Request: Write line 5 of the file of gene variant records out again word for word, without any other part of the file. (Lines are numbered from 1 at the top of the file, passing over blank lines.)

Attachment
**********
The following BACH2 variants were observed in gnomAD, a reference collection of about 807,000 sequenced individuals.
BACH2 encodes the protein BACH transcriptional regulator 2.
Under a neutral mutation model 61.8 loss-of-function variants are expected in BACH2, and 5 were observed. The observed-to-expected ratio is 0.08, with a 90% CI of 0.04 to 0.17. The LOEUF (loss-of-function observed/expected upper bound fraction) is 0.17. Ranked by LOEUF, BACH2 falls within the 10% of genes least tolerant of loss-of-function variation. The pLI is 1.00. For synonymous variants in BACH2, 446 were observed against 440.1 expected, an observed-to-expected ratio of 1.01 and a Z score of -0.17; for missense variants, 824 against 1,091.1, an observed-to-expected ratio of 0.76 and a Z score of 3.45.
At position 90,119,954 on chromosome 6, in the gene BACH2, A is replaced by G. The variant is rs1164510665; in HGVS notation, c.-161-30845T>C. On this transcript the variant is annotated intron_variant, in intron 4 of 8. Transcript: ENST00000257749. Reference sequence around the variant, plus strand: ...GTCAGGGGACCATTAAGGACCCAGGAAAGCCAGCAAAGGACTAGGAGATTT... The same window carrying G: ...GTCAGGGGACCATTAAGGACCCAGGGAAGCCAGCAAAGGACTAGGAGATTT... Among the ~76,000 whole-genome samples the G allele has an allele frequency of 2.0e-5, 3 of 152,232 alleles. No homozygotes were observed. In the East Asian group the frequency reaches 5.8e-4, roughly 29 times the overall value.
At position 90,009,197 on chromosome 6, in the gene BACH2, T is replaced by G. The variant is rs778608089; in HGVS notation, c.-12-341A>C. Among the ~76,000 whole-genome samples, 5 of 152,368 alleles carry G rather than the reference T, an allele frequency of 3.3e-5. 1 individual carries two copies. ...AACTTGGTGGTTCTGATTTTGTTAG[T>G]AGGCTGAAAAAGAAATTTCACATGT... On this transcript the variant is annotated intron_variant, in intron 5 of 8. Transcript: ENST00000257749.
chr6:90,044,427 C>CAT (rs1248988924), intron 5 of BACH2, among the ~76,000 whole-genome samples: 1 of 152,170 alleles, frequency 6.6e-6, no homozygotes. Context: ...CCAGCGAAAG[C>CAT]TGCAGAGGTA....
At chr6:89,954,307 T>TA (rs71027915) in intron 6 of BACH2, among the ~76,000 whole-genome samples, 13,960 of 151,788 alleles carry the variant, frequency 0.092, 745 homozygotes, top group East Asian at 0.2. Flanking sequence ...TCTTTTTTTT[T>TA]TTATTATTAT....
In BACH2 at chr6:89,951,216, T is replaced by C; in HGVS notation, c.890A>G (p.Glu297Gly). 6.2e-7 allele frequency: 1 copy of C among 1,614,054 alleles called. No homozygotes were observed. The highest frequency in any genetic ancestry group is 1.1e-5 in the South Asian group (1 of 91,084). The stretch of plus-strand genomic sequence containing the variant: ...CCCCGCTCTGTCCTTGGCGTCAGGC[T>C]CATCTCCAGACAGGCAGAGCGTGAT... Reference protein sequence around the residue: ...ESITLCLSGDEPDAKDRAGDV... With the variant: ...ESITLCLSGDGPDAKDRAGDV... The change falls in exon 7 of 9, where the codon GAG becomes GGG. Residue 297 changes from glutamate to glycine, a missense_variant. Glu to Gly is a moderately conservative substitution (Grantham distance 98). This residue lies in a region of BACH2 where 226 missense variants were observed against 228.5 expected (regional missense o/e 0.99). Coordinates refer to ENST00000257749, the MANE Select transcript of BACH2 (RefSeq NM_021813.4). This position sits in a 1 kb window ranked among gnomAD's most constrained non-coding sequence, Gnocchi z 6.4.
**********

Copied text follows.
At position 90,009,197 on chromosome 6, in the gene BACH2, T is replaced by G. The variant is rs778608089; in HGVS notation, c.-12-341A>C. Among the ~76,000 whole-genome samples, 5 of 152,368 alleles carry G rather than the reference T, an allele frequency of 3.3e-5. 1 individual carries two copies. ...AACTTGGTGGTTCTGATTTTGTTAG[T>G]AGGCTGAAAAAGAAATTTCACATGT... On this transcript the variant is annotated intron_variant, in intron 5 of 8. Transcript: ENST00000257749.